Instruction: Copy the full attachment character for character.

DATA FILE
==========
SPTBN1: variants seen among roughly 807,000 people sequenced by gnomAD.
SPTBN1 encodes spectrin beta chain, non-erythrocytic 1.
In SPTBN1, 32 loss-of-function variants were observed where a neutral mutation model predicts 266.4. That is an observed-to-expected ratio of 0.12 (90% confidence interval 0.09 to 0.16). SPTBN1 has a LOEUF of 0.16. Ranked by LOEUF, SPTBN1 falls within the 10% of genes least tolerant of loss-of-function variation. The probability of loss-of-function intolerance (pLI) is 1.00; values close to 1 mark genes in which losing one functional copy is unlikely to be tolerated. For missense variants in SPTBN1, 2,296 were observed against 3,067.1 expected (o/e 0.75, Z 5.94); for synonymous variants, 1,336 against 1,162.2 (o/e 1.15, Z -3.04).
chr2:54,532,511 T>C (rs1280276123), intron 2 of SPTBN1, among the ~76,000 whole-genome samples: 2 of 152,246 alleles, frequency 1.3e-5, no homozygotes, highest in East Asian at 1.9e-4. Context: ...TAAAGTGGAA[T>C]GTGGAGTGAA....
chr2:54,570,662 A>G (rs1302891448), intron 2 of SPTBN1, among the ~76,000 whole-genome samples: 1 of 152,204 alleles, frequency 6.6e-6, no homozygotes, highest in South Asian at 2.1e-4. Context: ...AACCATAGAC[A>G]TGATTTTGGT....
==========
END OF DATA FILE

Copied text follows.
SPTBN1: variants seen among roughly 807,000 people sequenced by gnomAD.
SPTBN1 encodes spectrin beta chain, non-erythrocytic 1.
In SPTBN1, 32 loss-of-function variants were observed where a neutral mutation model predicts 266.4. That is an observed-to-expected ratio of 0.12 (90% confidence interval 0.09 to 0.16). SPTBN1 has a LOEUF of 0.16. Ranked by LOEUF, SPTBN1 falls within the 10% of genes least tolerant of loss-of-function variation. The probability of loss-of-function intolerance (pLI) is 1.00; values close to 1 mark genes in which losing one functional copy is unlikely to be tolerated. For missense variants in SPTBN1, 2,296 were observed against 3,067.1 expected (o/e 0.75, Z 5.94); for synonymous variants, 1,336 against 1,162.2 (o/e 1.15, Z -3.04).
chr2:54,532,511 T>C (rs1280276123), intron 2 of SPTBN1, among the ~76,000 whole-genome samples: 2 of 152,246 alleles, frequency 1.3e-5, no homozygotes, highest in East Asian at 1.9e-4. Context: ...TAAAGTGGAA[T>C]GTGGAGTGAA....
chr2:54,570,662 A>G (rs1302891448), intron 2 of SPTBN1, among the ~76,000 whole-genome samples: 1 of 152,204 alleles, frequency 6.6e-6, no homozygotes, highest in South Asian at 2.1e-4. Context: ...AACCATAGAC[A>G]TGATTTTGGT....